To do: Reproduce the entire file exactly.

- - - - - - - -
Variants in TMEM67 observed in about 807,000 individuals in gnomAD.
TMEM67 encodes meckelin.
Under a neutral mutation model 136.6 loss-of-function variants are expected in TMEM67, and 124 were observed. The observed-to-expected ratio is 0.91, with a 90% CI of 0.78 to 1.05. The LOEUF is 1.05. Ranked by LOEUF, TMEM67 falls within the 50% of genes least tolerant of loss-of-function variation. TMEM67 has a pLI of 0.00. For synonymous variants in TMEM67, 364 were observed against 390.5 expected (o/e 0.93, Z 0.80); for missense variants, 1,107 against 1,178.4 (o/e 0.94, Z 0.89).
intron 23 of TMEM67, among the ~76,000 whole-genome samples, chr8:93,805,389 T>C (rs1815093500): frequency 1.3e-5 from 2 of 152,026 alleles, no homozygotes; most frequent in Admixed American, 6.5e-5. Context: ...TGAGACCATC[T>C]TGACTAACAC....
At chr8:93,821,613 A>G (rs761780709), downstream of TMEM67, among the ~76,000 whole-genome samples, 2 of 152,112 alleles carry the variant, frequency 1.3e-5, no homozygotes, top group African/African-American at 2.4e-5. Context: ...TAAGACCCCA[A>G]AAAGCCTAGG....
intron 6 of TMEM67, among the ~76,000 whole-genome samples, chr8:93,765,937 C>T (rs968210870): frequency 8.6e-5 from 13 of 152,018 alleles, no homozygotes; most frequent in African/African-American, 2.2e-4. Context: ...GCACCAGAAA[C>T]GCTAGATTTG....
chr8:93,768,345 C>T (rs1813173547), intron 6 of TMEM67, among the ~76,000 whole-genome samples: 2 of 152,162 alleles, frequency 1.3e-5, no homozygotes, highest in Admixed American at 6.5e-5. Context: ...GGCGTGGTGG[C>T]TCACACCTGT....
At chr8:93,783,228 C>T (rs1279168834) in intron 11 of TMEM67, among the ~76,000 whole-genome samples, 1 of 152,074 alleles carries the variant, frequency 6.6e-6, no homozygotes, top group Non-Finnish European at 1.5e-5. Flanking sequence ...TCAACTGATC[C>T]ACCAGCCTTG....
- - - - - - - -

Variants in TMEM67 observed in about 807,000 individuals in gnomAD.
TMEM67 encodes meckelin.
Under a neutral mutation model 136.6 loss-of-function variants are expected in TMEM67, and 124 were observed. The observed-to-expected ratio is 0.91, with a 90% CI of 0.78 to 1.05. The LOEUF is 1.05. Ranked by LOEUF, TMEM67 falls within the 50% of genes least tolerant of loss-of-function variation. TMEM67 has a pLI of 0.00. For synonymous variants in TMEM67, 364 were observed against 390.5 expected (o/e 0.93, Z 0.80); for missense variants, 1,107 against 1,178.4 (o/e 0.94, Z 0.89).
intron 23 of TMEM67, among the ~76,000 whole-genome samples, chr8:93,805,389 T>C (rs1815093500): frequency 1.3e-5 from 2 of 152,026 alleles, no homozygotes; most frequent in Admixed American, 6.5e-5. Context: ...TGAGACCATC[T>C]TGACTAACAC....
At chr8:93,821,613 A>G (rs761780709), downstream of TMEM67, among the ~76,000 whole-genome samples, 2 of 152,112 alleles carry the variant, frequency 1.3e-5, no homozygotes, top group African/African-American at 2.4e-5. Context: ...TAAGACCCCA[A>G]AAAGCCTAGG....
intron 6 of TMEM67, among the ~76,000 whole-genome samples, chr8:93,765,937 C>T (rs968210870): frequency 8.6e-5 from 13 of 152,018 alleles, no homozygotes; most frequent in African/African-American, 2.2e-4. Context: ...GCACCAGAAA[C>T]GCTAGATTTG....
chr8:93,768,345 C>T (rs1813173547), intron 6 of TMEM67, among the ~76,000 whole-genome samples: 2 of 152,162 alleles, frequency 1.3e-5, no homozygotes, highest in Admixed American at 6.5e-5. Context: ...GGCGTGGTGG[C>T]TCACACCTGT....
At chr8:93,783,228 C>T (rs1279168834) in intron 11 of TMEM67, among the ~76,000 whole-genome samples, 1 of 152,074 alleles carries the variant, frequency 6.6e-6, no homozygotes, top group Non-Finnish European at 1.5e-5. Flanking sequence ...TCAACTGATC[C>T]ACCAGCCTTG....